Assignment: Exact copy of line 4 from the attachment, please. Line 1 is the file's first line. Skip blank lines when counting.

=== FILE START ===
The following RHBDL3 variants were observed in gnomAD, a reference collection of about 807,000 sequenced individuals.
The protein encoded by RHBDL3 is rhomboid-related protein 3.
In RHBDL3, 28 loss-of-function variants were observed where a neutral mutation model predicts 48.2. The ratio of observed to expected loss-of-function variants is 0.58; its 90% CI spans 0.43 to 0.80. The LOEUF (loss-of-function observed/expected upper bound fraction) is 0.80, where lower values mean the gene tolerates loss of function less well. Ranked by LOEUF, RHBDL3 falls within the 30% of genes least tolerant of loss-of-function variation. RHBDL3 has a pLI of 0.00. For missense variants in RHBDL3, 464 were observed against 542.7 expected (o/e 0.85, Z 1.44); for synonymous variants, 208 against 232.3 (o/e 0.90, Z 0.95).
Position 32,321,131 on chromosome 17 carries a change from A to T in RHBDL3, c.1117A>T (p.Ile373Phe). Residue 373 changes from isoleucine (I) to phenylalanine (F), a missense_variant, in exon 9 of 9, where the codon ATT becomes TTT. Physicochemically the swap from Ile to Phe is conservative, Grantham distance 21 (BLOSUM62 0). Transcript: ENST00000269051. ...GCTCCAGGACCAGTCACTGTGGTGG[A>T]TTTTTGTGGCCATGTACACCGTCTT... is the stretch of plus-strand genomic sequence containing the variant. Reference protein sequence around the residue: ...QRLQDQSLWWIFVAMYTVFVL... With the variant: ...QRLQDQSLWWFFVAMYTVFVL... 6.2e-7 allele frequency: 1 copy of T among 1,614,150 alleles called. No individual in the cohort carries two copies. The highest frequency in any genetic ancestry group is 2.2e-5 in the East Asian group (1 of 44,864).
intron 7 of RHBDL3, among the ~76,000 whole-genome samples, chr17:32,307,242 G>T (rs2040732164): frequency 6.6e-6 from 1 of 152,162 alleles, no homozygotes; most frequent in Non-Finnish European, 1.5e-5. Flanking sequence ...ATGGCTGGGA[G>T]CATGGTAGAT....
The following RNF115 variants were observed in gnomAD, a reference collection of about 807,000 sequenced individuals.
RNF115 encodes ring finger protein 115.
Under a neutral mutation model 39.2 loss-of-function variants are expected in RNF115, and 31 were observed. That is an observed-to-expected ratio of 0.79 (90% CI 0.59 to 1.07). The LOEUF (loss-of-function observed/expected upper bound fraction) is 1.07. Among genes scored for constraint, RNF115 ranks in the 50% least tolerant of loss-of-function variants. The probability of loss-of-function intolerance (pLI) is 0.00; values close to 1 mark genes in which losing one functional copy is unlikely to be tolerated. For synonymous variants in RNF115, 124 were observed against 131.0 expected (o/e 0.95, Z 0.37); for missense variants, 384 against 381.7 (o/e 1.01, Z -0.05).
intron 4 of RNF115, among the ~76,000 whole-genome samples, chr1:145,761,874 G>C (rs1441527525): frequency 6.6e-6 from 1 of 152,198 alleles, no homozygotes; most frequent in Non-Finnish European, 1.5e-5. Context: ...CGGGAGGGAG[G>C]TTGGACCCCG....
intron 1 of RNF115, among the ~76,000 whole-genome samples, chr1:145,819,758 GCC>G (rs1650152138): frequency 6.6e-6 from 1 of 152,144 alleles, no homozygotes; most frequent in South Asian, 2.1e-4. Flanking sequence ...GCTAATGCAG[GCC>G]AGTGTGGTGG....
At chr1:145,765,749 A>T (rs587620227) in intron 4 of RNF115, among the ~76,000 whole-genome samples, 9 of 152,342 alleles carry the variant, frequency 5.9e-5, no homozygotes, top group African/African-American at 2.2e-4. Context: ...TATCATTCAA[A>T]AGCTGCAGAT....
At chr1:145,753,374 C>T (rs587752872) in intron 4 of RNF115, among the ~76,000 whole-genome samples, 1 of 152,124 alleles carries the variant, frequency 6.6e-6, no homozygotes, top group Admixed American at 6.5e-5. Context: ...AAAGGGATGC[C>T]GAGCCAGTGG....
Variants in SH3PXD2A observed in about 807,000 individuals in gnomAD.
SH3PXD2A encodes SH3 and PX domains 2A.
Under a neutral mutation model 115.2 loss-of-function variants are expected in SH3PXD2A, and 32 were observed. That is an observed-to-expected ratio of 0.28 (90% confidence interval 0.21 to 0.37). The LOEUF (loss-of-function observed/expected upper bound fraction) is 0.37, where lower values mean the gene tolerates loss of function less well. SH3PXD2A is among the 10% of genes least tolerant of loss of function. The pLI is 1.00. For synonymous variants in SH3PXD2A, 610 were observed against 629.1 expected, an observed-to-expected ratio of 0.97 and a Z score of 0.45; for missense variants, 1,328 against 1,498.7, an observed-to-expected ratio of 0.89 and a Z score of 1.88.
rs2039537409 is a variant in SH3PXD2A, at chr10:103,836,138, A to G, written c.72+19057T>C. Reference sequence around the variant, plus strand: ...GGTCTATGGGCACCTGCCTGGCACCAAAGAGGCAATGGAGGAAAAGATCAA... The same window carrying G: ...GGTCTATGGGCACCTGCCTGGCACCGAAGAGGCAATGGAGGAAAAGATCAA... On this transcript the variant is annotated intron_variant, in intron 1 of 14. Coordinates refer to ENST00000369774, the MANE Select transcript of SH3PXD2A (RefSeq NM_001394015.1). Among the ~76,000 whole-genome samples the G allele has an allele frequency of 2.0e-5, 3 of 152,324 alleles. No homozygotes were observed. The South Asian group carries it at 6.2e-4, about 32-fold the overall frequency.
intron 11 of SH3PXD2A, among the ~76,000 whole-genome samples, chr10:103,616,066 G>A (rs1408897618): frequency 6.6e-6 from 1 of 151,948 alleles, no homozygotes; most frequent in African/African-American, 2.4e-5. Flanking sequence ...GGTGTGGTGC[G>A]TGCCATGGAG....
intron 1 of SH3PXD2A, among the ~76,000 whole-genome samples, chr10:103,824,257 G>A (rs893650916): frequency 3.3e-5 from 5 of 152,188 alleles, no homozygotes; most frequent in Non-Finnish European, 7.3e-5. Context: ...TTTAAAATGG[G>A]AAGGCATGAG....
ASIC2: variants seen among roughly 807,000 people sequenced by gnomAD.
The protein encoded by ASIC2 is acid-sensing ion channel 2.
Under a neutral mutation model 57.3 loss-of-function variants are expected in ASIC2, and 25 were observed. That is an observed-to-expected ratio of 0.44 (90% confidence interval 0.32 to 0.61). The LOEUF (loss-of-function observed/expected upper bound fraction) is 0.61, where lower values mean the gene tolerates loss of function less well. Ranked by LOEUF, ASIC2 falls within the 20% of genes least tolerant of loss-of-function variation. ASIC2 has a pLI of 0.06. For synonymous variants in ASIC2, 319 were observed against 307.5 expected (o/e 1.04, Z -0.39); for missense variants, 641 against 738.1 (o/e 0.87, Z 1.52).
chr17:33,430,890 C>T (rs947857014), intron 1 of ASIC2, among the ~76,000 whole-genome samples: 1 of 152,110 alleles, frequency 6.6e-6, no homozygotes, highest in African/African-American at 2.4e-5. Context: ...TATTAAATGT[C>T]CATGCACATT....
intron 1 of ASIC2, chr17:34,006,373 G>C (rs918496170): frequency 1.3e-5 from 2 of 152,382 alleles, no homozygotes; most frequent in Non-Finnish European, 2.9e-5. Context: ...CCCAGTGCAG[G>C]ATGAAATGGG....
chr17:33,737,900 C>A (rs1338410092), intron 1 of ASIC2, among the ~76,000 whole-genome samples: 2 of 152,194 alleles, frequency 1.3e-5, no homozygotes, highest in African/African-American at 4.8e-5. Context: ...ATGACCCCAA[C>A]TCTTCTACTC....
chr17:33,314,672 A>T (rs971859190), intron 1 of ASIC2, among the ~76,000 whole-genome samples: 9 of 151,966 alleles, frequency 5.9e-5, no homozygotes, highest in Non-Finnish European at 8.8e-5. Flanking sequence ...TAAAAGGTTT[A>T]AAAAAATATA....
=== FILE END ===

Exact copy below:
Position 32,321,131 on chromosome 17 carries a change from A to T in RHBDL3, c.1117A>T (p.Ile373Phe). Residue 373 changes from isoleucine (I) to phenylalanine (F), a missense_variant, in exon 9 of 9, where the codon ATT becomes TTT. Physicochemically the swap from Ile to Phe is conservative, Grantham distance 21 (BLOSUM62 0). Transcript: ENST00000269051. ...GCTCCAGGACCAGTCACTGTGGTGG[A>T]TTTTTGTGGCCATGTACACCGTCTT... is the stretch of plus-strand genomic sequence containing the variant. Reference protein sequence around the residue: ...QRLQDQSLWWIFVAMYTVFVL... With the variant: ...QRLQDQSLWWFFVAMYTVFVL... 6.2e-7 allele frequency: 1 copy of T among 1,614,150 alleles called. No individual in the cohort carries two copies. The highest frequency in any genetic ancestry group is 2.2e-5 in the East Asian group (1 of 44,864).